Corporal Punishhment

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TO PUNISH OR DISCIPLINE? TEACHERS’ ATTITUDES TOWARDS THE
ABOLITION OF CORPORAL PUNISHMENT

Loretta Cicognani

A research report submitted to the School of Human and Community Development, University of the Witwatersrand, Johannesburg, in partial fulfillment of the requirements for the Degree of Master of Education (Educational Psychology).

Johannesburg 2004

I

ABSTRACT
In the last decade, corporal punishment in South African schools was banned. This is in keeping with international trends of recognising of the rights of the child and the South African Constitution. Despite the legal ban, newspapers and limited research reveal that corporal punishment practices are sill occurring in schools. Government has made efforts to curb the continuing use of corporal punishment. This research explores teachers’ attitudes towards the ban of corporal punishment as well as the alternate discipline strategies teachers are using to discipline their learners. The research methods adopted were quantitative questionnaires and qualitative written responses. Results of this study suggest that teachers still view corporal punishment as having a place in education. Teachers are concerned amongst others about their personal safety and feel the administering of corporal punishment will ensure their safety. Teachers’ do report that they have found alternatives that do work, however, they still feel that the training that is provided is not able to meet their needs in the classroom situation.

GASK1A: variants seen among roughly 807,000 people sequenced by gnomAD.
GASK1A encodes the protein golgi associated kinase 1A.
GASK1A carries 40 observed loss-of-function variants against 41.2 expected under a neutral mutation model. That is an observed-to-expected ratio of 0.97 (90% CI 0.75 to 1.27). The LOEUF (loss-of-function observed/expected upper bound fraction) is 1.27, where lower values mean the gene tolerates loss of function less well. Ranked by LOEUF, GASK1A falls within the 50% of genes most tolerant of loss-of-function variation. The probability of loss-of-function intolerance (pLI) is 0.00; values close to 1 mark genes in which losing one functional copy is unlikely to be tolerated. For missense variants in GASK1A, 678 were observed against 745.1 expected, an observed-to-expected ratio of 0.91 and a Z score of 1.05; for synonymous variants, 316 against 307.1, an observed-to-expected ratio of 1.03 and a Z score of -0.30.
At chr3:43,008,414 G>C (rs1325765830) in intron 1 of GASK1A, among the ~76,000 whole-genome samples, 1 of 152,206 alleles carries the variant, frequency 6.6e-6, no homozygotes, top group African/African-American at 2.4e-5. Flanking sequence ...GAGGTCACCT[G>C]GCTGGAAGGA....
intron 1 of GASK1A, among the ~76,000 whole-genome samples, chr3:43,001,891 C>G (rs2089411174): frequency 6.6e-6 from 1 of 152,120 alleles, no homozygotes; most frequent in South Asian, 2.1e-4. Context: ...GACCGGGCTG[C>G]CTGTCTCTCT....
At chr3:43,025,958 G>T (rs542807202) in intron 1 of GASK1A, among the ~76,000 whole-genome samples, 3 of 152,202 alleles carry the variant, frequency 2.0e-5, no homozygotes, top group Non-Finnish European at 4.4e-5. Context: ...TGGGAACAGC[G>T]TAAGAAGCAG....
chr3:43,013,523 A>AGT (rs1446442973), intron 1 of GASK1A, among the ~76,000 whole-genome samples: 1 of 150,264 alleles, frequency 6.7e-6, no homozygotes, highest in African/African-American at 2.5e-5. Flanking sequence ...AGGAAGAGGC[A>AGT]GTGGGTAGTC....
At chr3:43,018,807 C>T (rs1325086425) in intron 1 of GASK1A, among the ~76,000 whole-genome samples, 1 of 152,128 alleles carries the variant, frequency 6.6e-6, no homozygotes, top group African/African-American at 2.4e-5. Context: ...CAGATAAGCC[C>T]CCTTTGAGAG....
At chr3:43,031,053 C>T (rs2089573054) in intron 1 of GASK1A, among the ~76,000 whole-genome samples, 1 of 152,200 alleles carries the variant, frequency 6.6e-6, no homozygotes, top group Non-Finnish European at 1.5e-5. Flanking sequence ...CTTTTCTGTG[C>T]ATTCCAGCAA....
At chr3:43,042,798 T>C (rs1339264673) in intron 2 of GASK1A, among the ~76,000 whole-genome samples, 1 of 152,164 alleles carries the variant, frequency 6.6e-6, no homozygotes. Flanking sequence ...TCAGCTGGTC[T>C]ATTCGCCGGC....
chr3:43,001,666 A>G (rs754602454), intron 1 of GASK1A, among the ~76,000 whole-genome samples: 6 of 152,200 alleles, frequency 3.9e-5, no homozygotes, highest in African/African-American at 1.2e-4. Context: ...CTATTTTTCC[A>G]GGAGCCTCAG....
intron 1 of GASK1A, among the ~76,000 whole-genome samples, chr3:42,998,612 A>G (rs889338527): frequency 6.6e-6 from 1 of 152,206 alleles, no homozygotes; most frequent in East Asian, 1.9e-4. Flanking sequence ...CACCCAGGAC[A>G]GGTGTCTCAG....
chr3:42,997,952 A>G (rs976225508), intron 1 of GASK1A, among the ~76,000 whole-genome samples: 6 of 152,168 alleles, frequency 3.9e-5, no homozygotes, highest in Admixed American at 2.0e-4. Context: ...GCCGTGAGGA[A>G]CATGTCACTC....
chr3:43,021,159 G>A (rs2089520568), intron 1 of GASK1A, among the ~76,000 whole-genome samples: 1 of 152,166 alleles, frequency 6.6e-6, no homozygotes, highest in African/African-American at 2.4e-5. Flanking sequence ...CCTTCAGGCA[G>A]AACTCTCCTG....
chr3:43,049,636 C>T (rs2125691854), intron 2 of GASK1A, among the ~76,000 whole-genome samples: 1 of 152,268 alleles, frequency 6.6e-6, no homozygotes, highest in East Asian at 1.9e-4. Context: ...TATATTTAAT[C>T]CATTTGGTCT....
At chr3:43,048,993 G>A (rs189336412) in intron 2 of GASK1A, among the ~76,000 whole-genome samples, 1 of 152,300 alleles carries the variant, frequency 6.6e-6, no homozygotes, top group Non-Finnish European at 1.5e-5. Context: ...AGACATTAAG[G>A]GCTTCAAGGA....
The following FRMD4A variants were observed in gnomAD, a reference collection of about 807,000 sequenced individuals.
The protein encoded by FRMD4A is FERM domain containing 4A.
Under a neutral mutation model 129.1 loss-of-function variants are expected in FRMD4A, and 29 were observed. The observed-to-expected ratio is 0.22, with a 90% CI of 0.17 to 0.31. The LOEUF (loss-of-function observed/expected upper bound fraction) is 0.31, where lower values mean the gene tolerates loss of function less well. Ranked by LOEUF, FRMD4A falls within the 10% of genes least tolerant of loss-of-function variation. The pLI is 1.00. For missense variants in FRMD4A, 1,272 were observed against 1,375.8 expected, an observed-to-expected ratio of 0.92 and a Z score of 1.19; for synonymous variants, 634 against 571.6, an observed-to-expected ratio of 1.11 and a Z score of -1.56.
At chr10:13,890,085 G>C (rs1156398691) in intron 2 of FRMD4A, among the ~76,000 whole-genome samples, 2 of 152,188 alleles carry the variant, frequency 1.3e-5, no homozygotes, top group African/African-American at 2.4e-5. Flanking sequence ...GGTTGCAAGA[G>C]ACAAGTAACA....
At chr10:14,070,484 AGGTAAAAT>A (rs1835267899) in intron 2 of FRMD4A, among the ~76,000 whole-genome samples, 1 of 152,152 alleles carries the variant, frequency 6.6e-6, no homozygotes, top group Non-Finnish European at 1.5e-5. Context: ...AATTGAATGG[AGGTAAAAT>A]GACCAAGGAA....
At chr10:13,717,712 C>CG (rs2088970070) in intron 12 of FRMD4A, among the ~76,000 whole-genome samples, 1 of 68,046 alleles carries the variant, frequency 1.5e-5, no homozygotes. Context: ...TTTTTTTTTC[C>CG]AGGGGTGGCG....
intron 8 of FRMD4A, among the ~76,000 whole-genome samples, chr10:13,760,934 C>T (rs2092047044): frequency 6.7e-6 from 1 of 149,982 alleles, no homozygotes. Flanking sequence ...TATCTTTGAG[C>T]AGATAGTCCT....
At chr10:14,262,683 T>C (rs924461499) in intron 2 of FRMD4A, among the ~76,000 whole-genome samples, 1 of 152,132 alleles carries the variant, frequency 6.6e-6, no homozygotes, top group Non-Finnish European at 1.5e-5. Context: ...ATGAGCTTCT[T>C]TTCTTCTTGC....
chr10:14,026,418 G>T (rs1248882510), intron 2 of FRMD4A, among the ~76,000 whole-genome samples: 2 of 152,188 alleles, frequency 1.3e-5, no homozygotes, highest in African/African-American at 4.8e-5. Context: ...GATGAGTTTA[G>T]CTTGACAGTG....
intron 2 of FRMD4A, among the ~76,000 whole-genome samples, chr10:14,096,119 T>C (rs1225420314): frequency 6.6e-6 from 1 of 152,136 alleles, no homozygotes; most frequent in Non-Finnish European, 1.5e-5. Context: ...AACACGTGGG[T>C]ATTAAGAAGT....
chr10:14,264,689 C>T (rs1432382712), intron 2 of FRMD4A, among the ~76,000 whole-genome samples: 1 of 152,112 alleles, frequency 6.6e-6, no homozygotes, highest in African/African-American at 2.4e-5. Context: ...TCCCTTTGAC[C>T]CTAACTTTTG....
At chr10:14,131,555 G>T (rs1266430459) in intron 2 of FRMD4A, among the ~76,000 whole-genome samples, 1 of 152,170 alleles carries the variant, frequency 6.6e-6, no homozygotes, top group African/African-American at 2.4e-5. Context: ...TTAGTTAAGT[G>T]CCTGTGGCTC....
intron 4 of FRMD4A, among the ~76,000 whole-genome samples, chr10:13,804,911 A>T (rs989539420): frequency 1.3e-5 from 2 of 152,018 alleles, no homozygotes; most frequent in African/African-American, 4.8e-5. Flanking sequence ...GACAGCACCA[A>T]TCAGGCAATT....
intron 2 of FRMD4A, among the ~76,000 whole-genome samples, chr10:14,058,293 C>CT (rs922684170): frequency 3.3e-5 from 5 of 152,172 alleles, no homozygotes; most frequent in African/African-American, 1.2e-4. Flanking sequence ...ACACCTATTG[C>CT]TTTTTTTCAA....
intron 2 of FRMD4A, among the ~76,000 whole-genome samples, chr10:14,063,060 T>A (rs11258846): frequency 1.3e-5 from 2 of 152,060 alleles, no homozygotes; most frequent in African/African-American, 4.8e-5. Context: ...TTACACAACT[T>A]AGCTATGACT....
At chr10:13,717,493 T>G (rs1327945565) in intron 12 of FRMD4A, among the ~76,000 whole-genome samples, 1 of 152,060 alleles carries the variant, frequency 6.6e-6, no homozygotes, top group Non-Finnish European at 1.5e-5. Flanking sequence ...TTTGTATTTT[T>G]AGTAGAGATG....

KEY WORDS
Corporal punishment; children, teachers; attitudes; alternatives; South Africa; Social Learning theory; learners; effects

II

ACKNOWLEDGMENTS
I wish to acknowledge the following people for their invaluable contribution to this study: My father, Amedeo Cicognani and sister, Dalida Cicognani for their support and encouragement.
To Lesley Rosenthal for her patience and kindness.
Rashad Bagus my research supervisor for his valued insight in the compiling of this research report.
Salim Vally for his assistance in locating information.
To the teachers (especially Ari Levin and Frikkie Korf) who gave of their time and knowledge.

III

DECLARATION
I hereby declare that this research report is my own unaided work. It is being submitted for the degree of Master of Education (Educational Psychology) at the University of the Witwatersrand, Johannesburg. It has not been submitted for any degree or examination at any other university.

Loretta Cicognani

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TABLE OF CONTENTS
INTRODUCTION

1

CHAPTER 1: LITERATURE REVIEW

3

1. Corporal punishment and its effects

3

a) Defining corporal punishment

3

b) The effects of corporal punishment

4

2. The movement to ban corporal punishment

8

a) The international movement to ban corporal punishment

8

b) The ban on corporal punishment in South African schools

10

c) Teachers attitudes towards the ban of corporal punishment

13

d) Conclusion

16

CHAPTER 2: THEORETICAL FRAMEWORK

17

CHAPTER 3: RESEARCH METHODS AND RESULTS

21

1. Research methods

21

a) Sample selection

21

b) Procedures

21

c) Measures

21

d) Data

23

2. Quantitative Results

23

a) Biographical data

23

b) Teachers responses favouring the use of corporal punishment

25

c) Teachers responses against corporal punishment

28

d) Alternate discipline strategies

31

e) Teachers attitudes towards the abolishment of corporal punishment in schools

32

V

3. Qualitative Results

32

CHAPTER 4: Discussion

35

CONCLUSION

38

REFERENCES

40

APPENDICES
Appendix A

45

Appendix B

53

Appendix C

54

VI

INTRODUCTION
As recently as 4th June 2004, an article in This Day reported that a child had tragically died as a consequence of the physical complications resulting from the administration of corporal punishment. The article stated that it was common knowledge that the principal of...
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